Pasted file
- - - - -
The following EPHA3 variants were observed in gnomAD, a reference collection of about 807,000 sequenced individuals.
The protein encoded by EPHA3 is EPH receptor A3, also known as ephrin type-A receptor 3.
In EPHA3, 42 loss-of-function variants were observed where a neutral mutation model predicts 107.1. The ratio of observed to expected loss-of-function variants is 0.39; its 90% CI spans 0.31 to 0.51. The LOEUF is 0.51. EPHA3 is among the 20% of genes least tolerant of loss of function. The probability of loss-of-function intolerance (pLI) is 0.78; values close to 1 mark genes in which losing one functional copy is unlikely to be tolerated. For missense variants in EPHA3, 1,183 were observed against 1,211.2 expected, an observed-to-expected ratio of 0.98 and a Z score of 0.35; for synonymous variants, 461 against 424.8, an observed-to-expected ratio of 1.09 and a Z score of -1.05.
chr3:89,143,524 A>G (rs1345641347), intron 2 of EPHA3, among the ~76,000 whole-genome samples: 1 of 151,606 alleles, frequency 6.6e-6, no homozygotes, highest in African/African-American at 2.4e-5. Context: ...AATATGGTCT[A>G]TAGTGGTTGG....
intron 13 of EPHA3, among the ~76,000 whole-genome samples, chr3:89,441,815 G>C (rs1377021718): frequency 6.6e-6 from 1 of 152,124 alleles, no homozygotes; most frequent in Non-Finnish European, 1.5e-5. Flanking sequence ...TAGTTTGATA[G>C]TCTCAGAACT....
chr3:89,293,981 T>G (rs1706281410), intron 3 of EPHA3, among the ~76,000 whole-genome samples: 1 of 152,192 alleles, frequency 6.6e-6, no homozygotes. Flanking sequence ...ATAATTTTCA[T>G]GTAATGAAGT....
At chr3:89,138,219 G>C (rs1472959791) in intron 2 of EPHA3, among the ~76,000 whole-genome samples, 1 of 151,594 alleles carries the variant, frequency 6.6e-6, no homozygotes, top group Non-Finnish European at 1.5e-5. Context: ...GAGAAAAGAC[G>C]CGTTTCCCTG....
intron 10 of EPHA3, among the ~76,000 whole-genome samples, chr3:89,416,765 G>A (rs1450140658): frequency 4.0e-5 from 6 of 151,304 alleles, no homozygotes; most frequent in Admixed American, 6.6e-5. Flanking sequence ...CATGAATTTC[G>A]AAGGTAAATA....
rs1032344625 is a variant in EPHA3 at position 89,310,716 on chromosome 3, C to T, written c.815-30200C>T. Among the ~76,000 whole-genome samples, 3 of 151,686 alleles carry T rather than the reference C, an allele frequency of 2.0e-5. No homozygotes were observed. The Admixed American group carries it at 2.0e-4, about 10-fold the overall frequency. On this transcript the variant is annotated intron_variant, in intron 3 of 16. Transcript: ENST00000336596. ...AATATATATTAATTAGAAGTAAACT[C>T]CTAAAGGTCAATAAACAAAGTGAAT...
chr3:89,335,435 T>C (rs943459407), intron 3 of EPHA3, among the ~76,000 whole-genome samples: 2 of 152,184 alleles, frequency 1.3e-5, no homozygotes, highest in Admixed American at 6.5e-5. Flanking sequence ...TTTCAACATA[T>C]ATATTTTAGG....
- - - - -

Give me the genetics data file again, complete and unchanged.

The following EPHA3 variants were observed in gnomAD, a reference collection of about 807,000 sequenced individuals.
The protein encoded by EPHA3 is EPH receptor A3, also known as ephrin type-A receptor 3.
In EPHA3, 42 loss-of-function variants were observed where a neutral mutation model predicts 107.1. The ratio of observed to expected loss-of-function variants is 0.39; its 90% CI spans 0.31 to 0.51. The LOEUF is 0.51. EPHA3 is among the 20% of genes least tolerant of loss of function. The probability of loss-of-function intolerance (pLI) is 0.78; values close to 1 mark genes in which losing one functional copy is unlikely to be tolerated. For missense variants in EPHA3, 1,183 were observed against 1,211.2 expected, an observed-to-expected ratio of 0.98 and a Z score of 0.35; for synonymous variants, 461 against 424.8, an observed-to-expected ratio of 1.09 and a Z score of -1.05.
chr3:89,143,524 A>G (rs1345641347), intron 2 of EPHA3, among the ~76,000 whole-genome samples: 1 of 151,606 alleles, frequency 6.6e-6, no homozygotes, highest in African/African-American at 2.4e-5. Context: ...AATATGGTCT[A>G]TAGTGGTTGG....
intron 13 of EPHA3, among the ~76,000 whole-genome samples, chr3:89,441,815 G>C (rs1377021718): frequency 6.6e-6 from 1 of 152,124 alleles, no homozygotes; most frequent in Non-Finnish European, 1.5e-5. Flanking sequence ...TAGTTTGATA[G>C]TCTCAGAACT....
chr3:89,293,981 T>G (rs1706281410), intron 3 of EPHA3, among the ~76,000 whole-genome samples: 1 of 152,192 alleles, frequency 6.6e-6, no homozygotes. Flanking sequence ...ATAATTTTCA[T>G]GTAATGAAGT....
At chr3:89,138,219 G>C (rs1472959791) in intron 2 of EPHA3, among the ~76,000 whole-genome samples, 1 of 151,594 alleles carries the variant, frequency 6.6e-6, no homozygotes, top group Non-Finnish European at 1.5e-5. Context: ...GAGAAAAGAC[G>C]CGTTTCCCTG....
intron 10 of EPHA3, among the ~76,000 whole-genome samples, chr3:89,416,765 G>A (rs1450140658): frequency 4.0e-5 from 6 of 151,304 alleles, no homozygotes; most frequent in Admixed American, 6.6e-5. Flanking sequence ...CATGAATTTC[G>A]AAGGTAAATA....
rs1032344625 is a variant in EPHA3 at position 89,310,716 on chromosome 3, C to T, written c.815-30200C>T. Among the ~76,000 whole-genome samples, 3 of 151,686 alleles carry T rather than the reference C, an allele frequency of 2.0e-5. No homozygotes were observed. The Admixed American group carries it at 2.0e-4, about 10-fold the overall frequency. On this transcript the variant is annotated intron_variant, in intron 3 of 16. Transcript: ENST00000336596. ...AATATATATTAATTAGAAGTAAACT[C>T]CTAAAGGTCAATAAACAAAGTGAAT...
chr3:89,335,435 T>C (rs943459407), intron 3 of EPHA3, among the ~76,000 whole-genome samples: 2 of 152,184 alleles, frequency 1.3e-5, no homozygotes, highest in Admixed American at 6.5e-5. Flanking sequence ...TTTCAACATA[T>C]ATATTTTAGG....